What’s happening: The Dow Jones index closed lower on Thursday after investors digested weekly data on the US labour market.
What happened: The US Labor Department reported yesterday that around 1.5 million people had applied for unemployment benefits in the latest week.
Jobless claims dropped for the tenth straight week in the seven days ending June 13. Despite this, investors focused on the numbers coming in higher than the consensus view and a deceleration in the pace of decline last week.
Markets also fretted over rising infections and hospitalisations in various US states. The Dow Jones index declined for the second consecutive session, although the other major indices recorded some gains in trading on Thursday.
Why it matters: With 1.5 million new applications for jobless claims in the most recent week, the total number of claims in the US have climbed past 48 million during the pandemic. Continuing claims came in at 20.54 million, versus the previous reading of 20.61 million.
While the Labor Department’s report was in focus yesterday, other data from the US showed signs of the economy improving. The Philadelphia Fed manufacturing index spiked to 27.5 in June, rebounding from -43.1 in the previous month. The figure was significantly better than the expectations of a negative 20 reading.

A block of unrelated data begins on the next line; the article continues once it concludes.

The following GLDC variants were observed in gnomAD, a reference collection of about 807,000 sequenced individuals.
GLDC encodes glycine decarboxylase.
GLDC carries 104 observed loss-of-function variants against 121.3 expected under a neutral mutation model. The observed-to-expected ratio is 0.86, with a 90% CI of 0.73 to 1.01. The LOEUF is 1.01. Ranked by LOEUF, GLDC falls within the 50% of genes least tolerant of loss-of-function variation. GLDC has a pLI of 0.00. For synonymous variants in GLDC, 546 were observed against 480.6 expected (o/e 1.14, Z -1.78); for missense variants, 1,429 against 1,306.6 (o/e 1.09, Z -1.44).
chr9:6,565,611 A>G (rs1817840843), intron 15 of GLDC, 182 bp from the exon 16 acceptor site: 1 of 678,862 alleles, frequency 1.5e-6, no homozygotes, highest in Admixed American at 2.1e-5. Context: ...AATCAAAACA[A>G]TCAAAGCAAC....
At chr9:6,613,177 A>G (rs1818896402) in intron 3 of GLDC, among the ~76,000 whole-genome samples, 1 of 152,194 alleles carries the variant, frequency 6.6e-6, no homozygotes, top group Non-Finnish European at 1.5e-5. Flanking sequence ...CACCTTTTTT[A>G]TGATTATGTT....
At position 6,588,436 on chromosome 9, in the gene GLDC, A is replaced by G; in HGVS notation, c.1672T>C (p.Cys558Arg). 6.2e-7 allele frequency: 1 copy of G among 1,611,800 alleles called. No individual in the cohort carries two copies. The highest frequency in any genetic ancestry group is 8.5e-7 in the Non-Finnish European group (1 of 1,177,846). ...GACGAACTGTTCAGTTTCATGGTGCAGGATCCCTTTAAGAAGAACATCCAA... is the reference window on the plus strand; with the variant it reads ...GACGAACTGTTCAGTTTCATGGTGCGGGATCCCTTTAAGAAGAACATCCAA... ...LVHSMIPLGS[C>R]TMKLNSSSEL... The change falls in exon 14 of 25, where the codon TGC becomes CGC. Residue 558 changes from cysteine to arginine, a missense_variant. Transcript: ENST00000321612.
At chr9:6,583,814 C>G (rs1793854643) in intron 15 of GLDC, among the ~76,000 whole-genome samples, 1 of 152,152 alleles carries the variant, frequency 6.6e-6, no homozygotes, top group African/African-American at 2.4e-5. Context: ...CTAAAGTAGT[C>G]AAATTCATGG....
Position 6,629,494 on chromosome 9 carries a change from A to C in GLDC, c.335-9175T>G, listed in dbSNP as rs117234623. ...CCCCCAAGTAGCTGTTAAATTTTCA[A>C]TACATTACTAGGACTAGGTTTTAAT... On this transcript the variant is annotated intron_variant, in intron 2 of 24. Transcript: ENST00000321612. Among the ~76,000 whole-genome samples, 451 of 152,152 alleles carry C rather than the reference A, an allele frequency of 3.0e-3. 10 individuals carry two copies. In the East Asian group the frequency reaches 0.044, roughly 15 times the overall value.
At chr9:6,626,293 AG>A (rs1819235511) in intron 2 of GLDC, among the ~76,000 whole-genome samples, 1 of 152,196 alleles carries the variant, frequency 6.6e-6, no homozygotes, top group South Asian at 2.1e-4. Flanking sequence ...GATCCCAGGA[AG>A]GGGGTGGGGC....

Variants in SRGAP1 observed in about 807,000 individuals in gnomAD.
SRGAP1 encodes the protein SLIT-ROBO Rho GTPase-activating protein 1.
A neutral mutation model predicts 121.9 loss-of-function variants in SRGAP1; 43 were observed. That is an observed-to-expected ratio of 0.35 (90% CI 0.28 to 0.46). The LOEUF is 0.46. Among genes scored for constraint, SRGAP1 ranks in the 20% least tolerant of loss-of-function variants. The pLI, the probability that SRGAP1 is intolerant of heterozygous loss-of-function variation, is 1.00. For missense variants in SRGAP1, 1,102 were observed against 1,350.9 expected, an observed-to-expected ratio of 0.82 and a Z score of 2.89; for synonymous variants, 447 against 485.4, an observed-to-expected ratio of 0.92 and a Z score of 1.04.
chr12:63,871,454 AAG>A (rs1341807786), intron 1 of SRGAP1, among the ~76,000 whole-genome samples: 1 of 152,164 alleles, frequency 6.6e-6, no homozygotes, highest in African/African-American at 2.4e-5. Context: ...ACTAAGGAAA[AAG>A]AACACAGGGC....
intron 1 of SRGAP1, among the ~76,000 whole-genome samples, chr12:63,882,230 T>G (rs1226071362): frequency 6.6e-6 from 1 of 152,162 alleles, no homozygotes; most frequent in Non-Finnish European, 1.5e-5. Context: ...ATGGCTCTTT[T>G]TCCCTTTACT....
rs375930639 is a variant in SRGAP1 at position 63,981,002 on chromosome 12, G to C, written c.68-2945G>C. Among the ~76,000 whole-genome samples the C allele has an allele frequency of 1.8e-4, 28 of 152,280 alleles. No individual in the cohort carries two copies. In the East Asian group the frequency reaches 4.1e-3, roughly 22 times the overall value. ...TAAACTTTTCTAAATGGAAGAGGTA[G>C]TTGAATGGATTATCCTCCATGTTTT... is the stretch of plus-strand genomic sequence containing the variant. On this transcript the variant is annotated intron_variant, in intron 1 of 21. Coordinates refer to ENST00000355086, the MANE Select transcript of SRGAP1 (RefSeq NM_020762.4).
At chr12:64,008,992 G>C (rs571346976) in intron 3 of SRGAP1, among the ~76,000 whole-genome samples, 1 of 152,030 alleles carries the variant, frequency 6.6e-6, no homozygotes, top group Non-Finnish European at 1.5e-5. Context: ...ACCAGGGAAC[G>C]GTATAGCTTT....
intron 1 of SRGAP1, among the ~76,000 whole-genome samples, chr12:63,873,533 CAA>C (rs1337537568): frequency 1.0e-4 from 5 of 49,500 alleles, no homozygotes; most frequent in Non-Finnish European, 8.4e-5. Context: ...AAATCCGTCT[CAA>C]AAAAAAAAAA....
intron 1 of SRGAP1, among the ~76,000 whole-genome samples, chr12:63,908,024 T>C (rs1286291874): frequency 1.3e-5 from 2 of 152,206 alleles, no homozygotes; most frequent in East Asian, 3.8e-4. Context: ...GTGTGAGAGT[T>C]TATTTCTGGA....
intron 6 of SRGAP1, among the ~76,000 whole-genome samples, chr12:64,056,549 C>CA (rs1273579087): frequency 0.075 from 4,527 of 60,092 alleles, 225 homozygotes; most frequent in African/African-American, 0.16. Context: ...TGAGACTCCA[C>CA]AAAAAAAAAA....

Fears were also fanned by news of rising cases in the US, with Texas, Arizona and Florida reporting high new infections. Florida confirmed over 2,600 new cases, while Arizona reported more than 1,800. Despite this, several local governments are continuing with their reopening plans.
After losing 170 points on Wednesday, the Dow Jones index shed another 39.51 points to close at 26,080.10 on Thursday, with shares of Goldman Sachs and American Express declining. The S&P 500 and Nasdaq 100 held up, with gains of 1.85 points and 32.52 points, respectively, driven by energy and consumer staples shares.
The 10-year Treasury note yield declined 2.6 basis points at 0.707% on Thursday. August gold slipped 0.3% to finish at $1,731.10 an ounce, while US crude gained 2.3% to reach $38.84 per barrel in the previous session.
What to watch: Markets await the US current account report and speeches from various Federal Reserve members. The current account deficit, which contracted by $15.6 billion to $109.8 billion in the fourth quarter, is expected to shrink further to $103 billion in the first quarter.
Investors continue to assess the coronavirus numbers, with total cases surging close to 8.5 million globally. The US has so far reported more than 2,191,050 cases and around 118,430 deaths.